Popped into the Demilatrized Zone pub, cause I liked the name. Met Chris an English geezer over here for three months, had a few games of pool with him. Actually five and lost every one. Pfff! I wasn't playing bad but just couldn't win a game. Potted all my balls except the black on my first shot, then potted the white and black on my next, grrr. That's not suppose to happen! Chris had picked up a motorbike in Saigon and riding up to Hanoi. Good luck, mate! As I mentioned before the traffic is pretty crazy, but it makes crossing the road an adventure, getting the adrenalin pumping. I fell like I'm playing Frogger. Have to move into an Asian mindset, of letting the motorbikes avoid you. Just walk out on the road and ignore them. The worst think you can do is stop, and give your rabbit caught in the headlight impression, as they invariably will drive behind you if you keep walking. But when you stop dead, problems occur, being whacked by a fast moving vehicle the primary problem. So go with the flow, cross your fingers and start walking!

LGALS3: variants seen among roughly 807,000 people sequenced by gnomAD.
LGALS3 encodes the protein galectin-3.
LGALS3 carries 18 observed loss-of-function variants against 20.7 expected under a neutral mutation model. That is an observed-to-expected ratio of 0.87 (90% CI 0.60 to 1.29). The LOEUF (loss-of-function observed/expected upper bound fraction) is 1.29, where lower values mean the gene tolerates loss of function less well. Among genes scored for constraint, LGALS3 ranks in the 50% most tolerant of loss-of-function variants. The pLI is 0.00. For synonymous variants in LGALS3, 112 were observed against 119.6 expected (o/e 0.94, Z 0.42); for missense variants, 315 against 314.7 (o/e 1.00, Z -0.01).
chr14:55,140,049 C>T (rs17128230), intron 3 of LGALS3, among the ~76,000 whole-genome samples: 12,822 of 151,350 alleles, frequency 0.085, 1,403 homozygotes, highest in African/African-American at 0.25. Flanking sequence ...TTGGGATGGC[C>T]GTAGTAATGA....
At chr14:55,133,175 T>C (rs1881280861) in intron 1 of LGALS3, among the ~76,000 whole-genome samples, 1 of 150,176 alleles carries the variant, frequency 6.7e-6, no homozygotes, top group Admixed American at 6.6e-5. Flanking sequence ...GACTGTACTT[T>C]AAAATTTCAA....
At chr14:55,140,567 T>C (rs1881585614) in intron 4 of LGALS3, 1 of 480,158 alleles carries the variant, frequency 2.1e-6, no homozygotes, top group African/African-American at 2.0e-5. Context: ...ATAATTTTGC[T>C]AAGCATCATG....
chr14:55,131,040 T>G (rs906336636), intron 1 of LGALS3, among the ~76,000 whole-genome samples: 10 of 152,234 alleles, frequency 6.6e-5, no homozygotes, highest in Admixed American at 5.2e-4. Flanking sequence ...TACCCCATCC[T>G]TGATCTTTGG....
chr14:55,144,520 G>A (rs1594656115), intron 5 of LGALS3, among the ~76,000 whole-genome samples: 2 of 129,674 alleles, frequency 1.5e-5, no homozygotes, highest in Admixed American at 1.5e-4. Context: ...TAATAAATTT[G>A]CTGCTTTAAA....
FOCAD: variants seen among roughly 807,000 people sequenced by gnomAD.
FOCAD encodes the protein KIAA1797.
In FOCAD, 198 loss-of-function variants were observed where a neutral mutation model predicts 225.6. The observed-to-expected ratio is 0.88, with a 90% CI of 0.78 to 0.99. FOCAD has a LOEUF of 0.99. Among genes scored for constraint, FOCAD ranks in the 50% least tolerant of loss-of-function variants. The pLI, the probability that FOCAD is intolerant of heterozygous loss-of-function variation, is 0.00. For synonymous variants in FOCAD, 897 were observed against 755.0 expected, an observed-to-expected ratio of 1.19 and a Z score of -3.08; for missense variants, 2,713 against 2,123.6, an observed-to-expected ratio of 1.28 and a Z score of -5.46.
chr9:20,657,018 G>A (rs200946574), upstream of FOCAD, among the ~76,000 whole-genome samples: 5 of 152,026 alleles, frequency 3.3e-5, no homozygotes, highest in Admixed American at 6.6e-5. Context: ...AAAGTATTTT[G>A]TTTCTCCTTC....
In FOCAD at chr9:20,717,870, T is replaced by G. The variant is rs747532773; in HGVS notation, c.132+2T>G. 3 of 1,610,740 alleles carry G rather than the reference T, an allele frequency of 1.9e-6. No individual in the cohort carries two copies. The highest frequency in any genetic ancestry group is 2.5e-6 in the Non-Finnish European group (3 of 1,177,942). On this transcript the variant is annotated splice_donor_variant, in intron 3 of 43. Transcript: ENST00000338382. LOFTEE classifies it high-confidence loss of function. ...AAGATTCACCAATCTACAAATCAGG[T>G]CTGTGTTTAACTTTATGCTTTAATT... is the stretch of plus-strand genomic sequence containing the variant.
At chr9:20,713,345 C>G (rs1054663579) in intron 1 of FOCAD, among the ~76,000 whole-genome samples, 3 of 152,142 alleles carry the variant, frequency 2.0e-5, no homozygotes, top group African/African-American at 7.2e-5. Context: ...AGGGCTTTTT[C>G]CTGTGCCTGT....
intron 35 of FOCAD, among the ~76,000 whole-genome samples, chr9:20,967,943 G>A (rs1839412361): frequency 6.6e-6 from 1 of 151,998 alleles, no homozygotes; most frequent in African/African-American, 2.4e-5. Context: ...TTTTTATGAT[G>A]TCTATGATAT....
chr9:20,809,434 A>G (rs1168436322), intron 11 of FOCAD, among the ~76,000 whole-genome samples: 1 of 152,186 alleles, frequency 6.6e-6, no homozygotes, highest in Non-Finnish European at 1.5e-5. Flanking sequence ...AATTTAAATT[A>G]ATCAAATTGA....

Hoi An

Hoi An is the next stop on the tourist route. Most backpackers buy open tickets from Saigon to Hanoi, where you can stop off at certain points. A bit insular, but cheap at around $20 for the whole bus ticket. Lots of shops offering suits and silks for various prices, probably depending on how rich they think you are. The central river had risen to the point of flooding. A bit more rain and I would be hailing boats to get about. Just a couple of nights here as I wanted to head to Hanoi for Chistmas. But being a small places not so much to do anyway. After a walk about town, I grabbed some of the local grub. Hoi An seems to have it's own special food. I popped into a restaurant with an empty stomach and looked at the menu. Six items on the whole menu, they most be specialists. I chose four from the six. Not really fond of prawns, but three from the six are prawn. The best one was Cau Lac, another noodle dish but a bit different from the omnipresent Pho Bo (Beef Noodles) which is eaten all day and night, all over Viet Nam.